Landfill falls out of fashion as UK embraces sustainable clothing

11th July 2017
  • 50,000 tonnes fewer items of clothing disposed of in household bins
  • UK washing clothes at cooler temperatures and ironing less often
  • Industry initiative has designs on reducing the environmental cost of clothing

The way the UK treats its clothes has changed over the past three years, a new study from sustainability not-for-profit organisation WRAP has found, with many changes in the way we treat our clothes helping to lessen the environmental impact of the UK’s wardrobes. Key is the discovery that people are less inclined to put unwanted clothes into the residual bin.

Since WRAP first highlighted the environmental impact of UK clothing in its pioneering 2012 report the amount of clothing discarded in residual waste has fallen by approximately 50,000 tonnes. The current estimate of clothing going into household bins has dropped from 350,000 tonnes (2012) to 300,000 tonnes (2015), a reduction equivalent in weight to more than 300 Jumbo Jets.

WRAP’s new report, Valuing our Clothes: The Cost of UK Fashion, found that the way people care for their clothes is helping the environment.

As a nation, we now tend to launder our clothes at lower temperatures; turning the heat down from 40 to 30 degrees. The regular use of tumble-dryers and ironing has also fallen according to WRAP’s consumer research. These combined changes in behaviour have helped cut approximately 700,000 tonnes CO2e from UK emissions, each year.

WRAP’s report also examines improvements within the clothing sector since the launch of its Sustainable Clothing Action Plan (SCAP) in 2013, the voluntary agreement designed and brokered by WRAP in partnership with Government and industry.

Since that time WRAP has worked closely with major clothing designers, brands, manufacturers, retailers, fashion houses and re-use & recycling organisations to drive forward more sustainable production and buying practices, and increase textiles re-use and recycling. This has been achieved through a range of SCAP initiatives varying from sustainable fibre procurement, to advice and support for households on caring for clothes and working to increase reuse and recycling. SCAP membership grew quickly and now accounts for more than half of the UK clothing market.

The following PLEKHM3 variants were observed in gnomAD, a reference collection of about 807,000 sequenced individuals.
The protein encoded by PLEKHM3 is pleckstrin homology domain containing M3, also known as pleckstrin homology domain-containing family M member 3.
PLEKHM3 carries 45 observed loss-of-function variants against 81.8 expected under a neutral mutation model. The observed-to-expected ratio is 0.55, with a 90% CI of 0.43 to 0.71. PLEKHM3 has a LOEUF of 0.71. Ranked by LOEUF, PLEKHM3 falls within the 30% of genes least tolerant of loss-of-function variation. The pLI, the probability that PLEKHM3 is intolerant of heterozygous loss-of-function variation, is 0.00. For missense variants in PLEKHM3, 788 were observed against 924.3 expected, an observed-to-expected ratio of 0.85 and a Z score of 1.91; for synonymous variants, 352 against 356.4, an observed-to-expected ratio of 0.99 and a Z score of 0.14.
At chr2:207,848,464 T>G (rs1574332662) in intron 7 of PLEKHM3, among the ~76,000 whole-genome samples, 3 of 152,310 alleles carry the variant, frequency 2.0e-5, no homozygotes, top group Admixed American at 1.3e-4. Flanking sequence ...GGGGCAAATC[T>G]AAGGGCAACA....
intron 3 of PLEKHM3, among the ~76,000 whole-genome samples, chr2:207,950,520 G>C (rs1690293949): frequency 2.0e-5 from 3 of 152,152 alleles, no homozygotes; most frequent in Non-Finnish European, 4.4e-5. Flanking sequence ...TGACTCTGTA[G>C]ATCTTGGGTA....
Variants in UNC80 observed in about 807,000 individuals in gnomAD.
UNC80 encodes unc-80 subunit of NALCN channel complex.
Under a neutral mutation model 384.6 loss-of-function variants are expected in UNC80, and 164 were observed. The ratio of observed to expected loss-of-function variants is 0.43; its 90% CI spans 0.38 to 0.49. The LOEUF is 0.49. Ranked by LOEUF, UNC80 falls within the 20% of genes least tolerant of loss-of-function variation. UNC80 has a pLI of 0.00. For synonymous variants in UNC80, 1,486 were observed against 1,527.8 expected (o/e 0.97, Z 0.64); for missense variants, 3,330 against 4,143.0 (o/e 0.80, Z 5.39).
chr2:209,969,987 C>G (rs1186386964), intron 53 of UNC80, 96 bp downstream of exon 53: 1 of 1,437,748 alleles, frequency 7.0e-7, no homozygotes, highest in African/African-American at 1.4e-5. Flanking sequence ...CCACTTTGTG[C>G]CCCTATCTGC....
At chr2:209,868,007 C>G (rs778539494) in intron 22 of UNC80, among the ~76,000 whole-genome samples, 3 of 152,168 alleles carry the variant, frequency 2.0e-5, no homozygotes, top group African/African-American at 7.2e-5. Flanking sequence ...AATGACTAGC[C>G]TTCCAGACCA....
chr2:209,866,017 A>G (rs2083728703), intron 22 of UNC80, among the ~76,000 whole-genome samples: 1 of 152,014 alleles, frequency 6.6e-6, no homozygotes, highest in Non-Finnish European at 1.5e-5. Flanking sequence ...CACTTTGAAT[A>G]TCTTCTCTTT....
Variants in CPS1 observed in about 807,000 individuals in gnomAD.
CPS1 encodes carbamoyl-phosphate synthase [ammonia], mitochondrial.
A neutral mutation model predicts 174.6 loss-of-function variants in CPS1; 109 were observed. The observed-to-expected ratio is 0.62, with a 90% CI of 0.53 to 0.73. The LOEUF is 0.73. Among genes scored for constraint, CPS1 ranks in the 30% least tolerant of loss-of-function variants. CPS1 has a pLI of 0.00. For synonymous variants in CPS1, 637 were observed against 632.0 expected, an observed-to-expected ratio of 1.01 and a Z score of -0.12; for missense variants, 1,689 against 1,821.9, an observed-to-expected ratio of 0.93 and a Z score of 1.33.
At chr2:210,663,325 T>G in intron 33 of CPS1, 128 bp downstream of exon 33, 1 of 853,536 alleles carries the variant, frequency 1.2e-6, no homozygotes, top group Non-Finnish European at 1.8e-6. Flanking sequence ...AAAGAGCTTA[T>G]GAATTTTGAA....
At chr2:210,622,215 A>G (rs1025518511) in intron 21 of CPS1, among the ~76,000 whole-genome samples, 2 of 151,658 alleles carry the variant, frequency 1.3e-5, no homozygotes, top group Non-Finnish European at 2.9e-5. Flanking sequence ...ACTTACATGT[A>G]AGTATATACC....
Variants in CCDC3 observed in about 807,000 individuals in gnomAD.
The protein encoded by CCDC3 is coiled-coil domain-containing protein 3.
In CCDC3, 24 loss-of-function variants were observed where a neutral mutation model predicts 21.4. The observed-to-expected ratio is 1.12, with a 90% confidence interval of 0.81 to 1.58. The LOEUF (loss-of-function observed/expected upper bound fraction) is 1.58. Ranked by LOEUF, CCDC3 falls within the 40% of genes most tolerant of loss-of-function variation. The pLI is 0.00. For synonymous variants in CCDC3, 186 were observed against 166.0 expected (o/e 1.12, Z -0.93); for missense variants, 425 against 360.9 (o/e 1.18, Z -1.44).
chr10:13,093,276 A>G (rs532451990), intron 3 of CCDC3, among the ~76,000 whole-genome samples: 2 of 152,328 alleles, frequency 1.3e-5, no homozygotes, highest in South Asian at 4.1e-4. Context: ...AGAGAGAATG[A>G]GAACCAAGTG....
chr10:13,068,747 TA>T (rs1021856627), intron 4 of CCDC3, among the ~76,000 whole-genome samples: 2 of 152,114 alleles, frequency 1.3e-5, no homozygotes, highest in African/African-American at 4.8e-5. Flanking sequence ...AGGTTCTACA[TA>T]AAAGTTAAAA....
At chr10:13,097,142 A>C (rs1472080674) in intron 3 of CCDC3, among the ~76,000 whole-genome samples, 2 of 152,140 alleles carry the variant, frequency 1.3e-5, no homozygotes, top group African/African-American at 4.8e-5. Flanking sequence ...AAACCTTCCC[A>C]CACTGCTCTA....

Midway through the agreement, and signatories have made significant improvements; reducing carbon by 10.6%; water by 13.5% and waste across the product lifecycle by 0.8% - per tonne of clothing. These savings represent the equivalent of one-and-a-half hot air balloons worth of carbon saved per tonne of clothing sold by SCAP signatories. Enough water to fill 23,000 bath tubs (or nearly 3 Olympic sized swimming pools) per tonne of clothing, and the equivalent of 30 pairs of women’s jeans saved from waste for every tonne sold.

But while fewer clothes are ending their life in the household bin, the amount purchased over the same period has risen by nearly 200,000 tonnes to 1.13 million tonnes sold.

In total, the environmental footprint of UK clothing (including global and territorial emissions) has risen and now stands at more than 26 million tonnes of CO2e, up 2 million tonnes on 2012. This is due to a combination of relatively low prices, and increased population, and puts clothing fourth after housing, transport and food in terms of its impact on the environment.

WRAP is now calling on retailers and brands to focus on a number of priority garments*’ which it has found to have the highest environmental impacts in terms of their manufacture, and which sell in the largest volumes. Top of the list are women’s dresses, jumpers and jeans, followed by men’s t-shirts and jumpers. Women’s jeans were singled out in terms of the amount of water used during their production, while dresses and jumpers and men’s t-shirts - which are similar high volume products, require work to tackle their carbon and supply chain waste footprints.